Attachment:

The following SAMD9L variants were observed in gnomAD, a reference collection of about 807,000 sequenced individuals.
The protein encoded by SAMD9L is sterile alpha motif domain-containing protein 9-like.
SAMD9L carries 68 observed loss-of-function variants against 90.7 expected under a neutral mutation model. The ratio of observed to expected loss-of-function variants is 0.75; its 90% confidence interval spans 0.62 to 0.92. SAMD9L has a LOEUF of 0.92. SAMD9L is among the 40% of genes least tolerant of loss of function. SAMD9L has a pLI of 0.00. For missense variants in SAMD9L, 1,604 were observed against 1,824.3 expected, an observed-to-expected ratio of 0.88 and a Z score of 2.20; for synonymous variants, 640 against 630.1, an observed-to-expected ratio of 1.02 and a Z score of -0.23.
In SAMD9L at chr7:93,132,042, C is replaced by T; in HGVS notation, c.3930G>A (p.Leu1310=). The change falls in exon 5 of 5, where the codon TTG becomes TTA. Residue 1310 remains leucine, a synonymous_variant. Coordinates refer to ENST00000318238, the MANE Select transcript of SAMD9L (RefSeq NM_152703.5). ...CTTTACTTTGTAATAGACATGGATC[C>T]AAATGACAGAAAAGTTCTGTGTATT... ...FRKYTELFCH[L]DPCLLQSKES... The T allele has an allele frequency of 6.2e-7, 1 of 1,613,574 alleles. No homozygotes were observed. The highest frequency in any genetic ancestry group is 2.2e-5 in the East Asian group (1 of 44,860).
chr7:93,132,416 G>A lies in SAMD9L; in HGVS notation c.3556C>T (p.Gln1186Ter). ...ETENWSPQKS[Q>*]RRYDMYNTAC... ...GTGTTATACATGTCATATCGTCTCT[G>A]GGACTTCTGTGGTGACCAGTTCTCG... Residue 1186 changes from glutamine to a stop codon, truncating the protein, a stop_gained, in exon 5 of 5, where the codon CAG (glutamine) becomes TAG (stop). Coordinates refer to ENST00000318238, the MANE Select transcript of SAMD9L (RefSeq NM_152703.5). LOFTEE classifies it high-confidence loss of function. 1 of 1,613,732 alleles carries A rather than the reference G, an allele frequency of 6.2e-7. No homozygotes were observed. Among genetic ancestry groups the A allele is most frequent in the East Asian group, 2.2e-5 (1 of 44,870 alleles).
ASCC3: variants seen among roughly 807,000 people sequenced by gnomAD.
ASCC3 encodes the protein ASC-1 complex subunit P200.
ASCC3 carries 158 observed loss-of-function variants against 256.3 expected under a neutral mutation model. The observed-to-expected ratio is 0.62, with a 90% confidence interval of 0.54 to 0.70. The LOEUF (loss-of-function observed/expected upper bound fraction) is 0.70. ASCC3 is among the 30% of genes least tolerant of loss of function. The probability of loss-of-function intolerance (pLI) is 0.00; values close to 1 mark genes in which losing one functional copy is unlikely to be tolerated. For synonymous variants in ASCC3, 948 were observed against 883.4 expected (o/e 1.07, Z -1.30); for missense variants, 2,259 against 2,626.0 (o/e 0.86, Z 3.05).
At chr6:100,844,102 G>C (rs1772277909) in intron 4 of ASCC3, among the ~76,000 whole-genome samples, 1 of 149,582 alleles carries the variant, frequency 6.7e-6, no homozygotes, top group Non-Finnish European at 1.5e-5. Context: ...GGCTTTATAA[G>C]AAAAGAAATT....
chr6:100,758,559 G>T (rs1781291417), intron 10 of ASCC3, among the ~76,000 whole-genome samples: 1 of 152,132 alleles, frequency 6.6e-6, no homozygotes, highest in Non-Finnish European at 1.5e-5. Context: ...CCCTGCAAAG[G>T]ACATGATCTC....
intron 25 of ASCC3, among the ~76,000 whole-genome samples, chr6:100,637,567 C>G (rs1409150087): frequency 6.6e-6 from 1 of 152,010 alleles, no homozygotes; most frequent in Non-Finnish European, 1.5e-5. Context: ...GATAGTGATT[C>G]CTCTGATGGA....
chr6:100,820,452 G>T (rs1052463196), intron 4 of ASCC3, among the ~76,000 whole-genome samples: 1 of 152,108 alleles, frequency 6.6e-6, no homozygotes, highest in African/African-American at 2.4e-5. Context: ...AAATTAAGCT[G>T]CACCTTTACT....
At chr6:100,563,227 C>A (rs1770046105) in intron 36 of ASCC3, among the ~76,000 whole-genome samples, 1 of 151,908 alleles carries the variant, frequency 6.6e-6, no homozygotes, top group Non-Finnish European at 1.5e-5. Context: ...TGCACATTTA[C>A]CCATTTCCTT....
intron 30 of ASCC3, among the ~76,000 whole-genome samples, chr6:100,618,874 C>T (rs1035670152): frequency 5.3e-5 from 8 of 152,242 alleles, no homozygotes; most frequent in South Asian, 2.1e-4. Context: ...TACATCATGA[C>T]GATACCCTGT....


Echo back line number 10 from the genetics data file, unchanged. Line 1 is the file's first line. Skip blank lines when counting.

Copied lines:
chr6:100,758,559 G>T (rs1781291417), intron 10 of ASCC3, among the ~76,000 whole-genome samples: 1 of 152,132 alleles, frequency 6.6e-6, no homozygotes, highest in Non-Finnish European at 1.5e-5. Context: ...CCCTGCAAAG[G>T]ACATGATCTC....